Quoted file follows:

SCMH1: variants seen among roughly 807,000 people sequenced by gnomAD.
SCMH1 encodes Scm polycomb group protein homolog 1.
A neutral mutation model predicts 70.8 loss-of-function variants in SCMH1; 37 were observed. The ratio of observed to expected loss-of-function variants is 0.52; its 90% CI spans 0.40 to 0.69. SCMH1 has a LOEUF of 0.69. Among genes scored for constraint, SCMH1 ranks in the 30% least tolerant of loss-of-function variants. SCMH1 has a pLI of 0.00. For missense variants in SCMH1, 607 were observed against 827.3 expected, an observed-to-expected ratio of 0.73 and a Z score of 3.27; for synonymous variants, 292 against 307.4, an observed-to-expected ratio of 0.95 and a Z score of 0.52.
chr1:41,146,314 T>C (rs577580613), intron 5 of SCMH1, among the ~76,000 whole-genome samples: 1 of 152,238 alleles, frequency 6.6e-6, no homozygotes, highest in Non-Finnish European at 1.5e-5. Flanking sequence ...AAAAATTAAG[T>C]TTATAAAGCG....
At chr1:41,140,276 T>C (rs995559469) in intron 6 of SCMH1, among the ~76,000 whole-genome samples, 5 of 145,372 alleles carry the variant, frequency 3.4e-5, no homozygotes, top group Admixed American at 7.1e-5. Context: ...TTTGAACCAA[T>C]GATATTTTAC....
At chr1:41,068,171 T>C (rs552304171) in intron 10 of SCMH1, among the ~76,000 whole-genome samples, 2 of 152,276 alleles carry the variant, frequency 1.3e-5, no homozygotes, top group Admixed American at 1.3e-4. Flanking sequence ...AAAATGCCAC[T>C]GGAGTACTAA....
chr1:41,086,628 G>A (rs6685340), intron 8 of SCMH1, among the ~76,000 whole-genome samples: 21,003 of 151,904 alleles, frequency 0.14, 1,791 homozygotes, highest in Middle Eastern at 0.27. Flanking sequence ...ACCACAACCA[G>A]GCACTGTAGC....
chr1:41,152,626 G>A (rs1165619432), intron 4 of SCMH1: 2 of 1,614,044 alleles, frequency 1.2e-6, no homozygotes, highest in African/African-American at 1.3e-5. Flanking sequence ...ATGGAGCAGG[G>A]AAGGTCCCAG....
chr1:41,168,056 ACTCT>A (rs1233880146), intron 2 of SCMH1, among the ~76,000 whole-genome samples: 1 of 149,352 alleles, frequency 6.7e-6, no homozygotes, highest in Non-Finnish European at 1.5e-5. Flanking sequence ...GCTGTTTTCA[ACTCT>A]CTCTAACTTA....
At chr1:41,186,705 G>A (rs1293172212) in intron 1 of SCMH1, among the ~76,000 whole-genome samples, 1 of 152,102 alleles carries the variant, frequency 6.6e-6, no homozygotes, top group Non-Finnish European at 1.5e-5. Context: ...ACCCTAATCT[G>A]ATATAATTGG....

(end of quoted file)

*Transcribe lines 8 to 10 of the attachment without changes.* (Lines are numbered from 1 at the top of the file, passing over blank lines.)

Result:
chr1:41,152,626 G>A (rs1165619432), intron 4 of SCMH1: 2 of 1,614,044 alleles, frequency 1.2e-6, no homozygotes, highest in African/African-American at 1.3e-5. Flanking sequence ...ATGGAGCAGG[G>A]AAGGTCCCAG....
chr1:41,168,056 ACTCT>A (rs1233880146), intron 2 of SCMH1, among the ~76,000 whole-genome samples: 1 of 149,352 alleles, frequency 6.7e-6, no homozygotes, highest in Non-Finnish European at 1.5e-5. Flanking sequence ...GCTGTTTTCA[ACTCT>A]CTCTAACTTA....
At chr1:41,186,705 G>A (rs1293172212) in intron 1 of SCMH1, among the ~76,000 whole-genome samples, 1 of 152,102 alleles carries the variant, frequency 6.6e-6, no homozygotes, top group Non-Finnish European at 1.5e-5. Context: ...ACCCTAATCT[G>A]ATATAATTGG....